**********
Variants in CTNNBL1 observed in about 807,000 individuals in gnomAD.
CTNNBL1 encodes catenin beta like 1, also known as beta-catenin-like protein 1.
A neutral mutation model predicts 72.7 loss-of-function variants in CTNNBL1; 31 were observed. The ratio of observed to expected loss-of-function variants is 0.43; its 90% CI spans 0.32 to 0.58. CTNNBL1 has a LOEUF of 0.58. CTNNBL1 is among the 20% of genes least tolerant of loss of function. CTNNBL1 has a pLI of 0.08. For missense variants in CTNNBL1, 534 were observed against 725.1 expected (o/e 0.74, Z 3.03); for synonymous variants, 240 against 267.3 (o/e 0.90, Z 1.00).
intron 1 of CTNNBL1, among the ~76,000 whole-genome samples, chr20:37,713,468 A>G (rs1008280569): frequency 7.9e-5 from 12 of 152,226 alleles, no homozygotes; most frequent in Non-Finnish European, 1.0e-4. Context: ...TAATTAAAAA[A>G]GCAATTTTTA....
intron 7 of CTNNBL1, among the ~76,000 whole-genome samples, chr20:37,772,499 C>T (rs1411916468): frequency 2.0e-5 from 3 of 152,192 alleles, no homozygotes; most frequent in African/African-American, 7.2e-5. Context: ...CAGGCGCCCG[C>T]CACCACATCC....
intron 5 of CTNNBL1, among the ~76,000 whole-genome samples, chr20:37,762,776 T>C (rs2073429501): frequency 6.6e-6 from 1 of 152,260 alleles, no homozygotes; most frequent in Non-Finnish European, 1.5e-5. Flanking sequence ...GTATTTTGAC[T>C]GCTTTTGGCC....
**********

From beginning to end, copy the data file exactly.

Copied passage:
Variants in CTNNBL1 observed in about 807,000 individuals in gnomAD.
CTNNBL1 encodes catenin beta like 1, also known as beta-catenin-like protein 1.
A neutral mutation model predicts 72.7 loss-of-function variants in CTNNBL1; 31 were observed. The ratio of observed to expected loss-of-function variants is 0.43; its 90% CI spans 0.32 to 0.58. CTNNBL1 has a LOEUF of 0.58. CTNNBL1 is among the 20% of genes least tolerant of loss of function. CTNNBL1 has a pLI of 0.08. For missense variants in CTNNBL1, 534 were observed against 725.1 expected (o/e 0.74, Z 3.03); for synonymous variants, 240 against 267.3 (o/e 0.90, Z 1.00).
intron 1 of CTNNBL1, among the ~76,000 whole-genome samples, chr20:37,713,468 A>G (rs1008280569): frequency 7.9e-5 from 12 of 152,226 alleles, no homozygotes; most frequent in Non-Finnish European, 1.0e-4. Context: ...TAATTAAAAA[A>G]GCAATTTTTA....
intron 7 of CTNNBL1, among the ~76,000 whole-genome samples, chr20:37,772,499 C>T (rs1411916468): frequency 2.0e-5 from 3 of 152,192 alleles, no homozygotes; most frequent in African/African-American, 7.2e-5. Context: ...CAGGCGCCCG[C>T]CACCACATCC....
intron 5 of CTNNBL1, among the ~76,000 whole-genome samples, chr20:37,762,776 T>C (rs2073429501): frequency 6.6e-6 from 1 of 152,260 alleles, no homozygotes; most frequent in Non-Finnish European, 1.5e-5. Flanking sequence ...GTATTTTGAC[T>C]GCTTTTGGCC....